Anemone patens

(Pasque flower or Prairie crocus, Gogeda’djibag)

Anemone patens emerging with hairly leaves

Zone: 3 to 7

Soil: Sand to loam

Light: Full sun

Bloom colour: Lavender to purple

Bloom period: Middle of spring

Height: 12 inches

Moisture: Dry to medium

Attracts: Bees

Notes: If you have dry sandy soil, there is no need to go to a box store to buy bulbs because prairie crocus is the perfect spring flower. It is native to the central states of the USA and Canada including Ontario. It is found in prairies and meadows.

Prairie crocus will be one of the first plants to flower in the garden. They have hairy leaves that presumably provide some protection from the cold. Considering the overall size of the plant, the flowerheads are quite large. Each flowerhead has purple petals with yellow centres. They are stunning and they support early season bees. The plant continues to produce flowers over the course of several weeks, after which, interesting seed heads will develop.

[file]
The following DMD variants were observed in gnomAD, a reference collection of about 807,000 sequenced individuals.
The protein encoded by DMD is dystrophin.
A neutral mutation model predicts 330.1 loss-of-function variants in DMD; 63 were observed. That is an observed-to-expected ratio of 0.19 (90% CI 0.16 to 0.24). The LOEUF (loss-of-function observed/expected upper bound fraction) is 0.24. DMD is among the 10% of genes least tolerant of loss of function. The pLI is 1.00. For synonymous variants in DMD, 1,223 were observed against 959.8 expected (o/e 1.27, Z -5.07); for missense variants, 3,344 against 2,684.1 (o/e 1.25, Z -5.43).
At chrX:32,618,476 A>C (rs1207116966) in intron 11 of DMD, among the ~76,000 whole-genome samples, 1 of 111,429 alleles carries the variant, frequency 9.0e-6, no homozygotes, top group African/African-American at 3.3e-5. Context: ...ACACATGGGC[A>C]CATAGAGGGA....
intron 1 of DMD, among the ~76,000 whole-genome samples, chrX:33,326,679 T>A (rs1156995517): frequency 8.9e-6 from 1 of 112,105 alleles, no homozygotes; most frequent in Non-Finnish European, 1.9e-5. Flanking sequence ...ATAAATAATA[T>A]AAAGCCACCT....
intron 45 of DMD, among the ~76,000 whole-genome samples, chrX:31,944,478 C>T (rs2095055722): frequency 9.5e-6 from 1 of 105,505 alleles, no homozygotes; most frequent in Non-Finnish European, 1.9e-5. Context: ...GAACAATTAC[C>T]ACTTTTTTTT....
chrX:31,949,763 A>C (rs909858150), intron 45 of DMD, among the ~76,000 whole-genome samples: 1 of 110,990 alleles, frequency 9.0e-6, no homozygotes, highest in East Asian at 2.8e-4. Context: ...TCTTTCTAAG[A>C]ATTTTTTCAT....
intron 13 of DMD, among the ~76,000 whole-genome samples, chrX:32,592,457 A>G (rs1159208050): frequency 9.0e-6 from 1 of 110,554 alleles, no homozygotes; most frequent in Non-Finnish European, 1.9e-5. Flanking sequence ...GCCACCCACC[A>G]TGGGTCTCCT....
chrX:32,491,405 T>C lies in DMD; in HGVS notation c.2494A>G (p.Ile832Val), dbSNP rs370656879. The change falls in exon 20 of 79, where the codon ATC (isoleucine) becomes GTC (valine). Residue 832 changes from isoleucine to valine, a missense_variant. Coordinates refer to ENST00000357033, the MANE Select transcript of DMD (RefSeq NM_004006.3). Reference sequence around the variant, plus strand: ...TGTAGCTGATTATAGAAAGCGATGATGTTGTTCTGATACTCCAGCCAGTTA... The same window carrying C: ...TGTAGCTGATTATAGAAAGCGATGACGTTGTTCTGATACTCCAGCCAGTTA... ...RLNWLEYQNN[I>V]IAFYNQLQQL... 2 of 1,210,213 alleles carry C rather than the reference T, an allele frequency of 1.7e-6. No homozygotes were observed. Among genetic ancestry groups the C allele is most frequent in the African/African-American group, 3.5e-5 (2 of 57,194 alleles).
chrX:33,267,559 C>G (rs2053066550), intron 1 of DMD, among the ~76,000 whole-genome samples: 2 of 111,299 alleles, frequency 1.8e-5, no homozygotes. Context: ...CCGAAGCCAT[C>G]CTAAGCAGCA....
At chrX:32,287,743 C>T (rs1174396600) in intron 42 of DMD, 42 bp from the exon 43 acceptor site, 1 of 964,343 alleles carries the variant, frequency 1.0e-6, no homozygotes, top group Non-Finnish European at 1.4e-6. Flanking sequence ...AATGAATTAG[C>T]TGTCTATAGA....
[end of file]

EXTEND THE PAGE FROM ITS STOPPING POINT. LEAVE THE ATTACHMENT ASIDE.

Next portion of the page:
Unlike commercial crocuses that die back by summer, Prairie crocuses continue to remain active throughout the summer and most of the foliage actually grows after flowering. Prairie crocuses also stay in flower for much longer. Prairie crocus can be planted at the front of the border or interplanted with taller plants that emerge later on such as yellow coneflower.

This plant can easily be grown from seed and the first flowers may appear at the end of the second season. By the third spring, the plant will flower fully. If you have a well drained soil, then consider planting prairie crocus as it will surely become one of your favourites.

Prairie Crocus emerging with hairy leaves
Prairie crocus in bloom
Anemone patens close up
Prairie crocus flower
Anemone patens
Prairie crocus after 3 years of blooming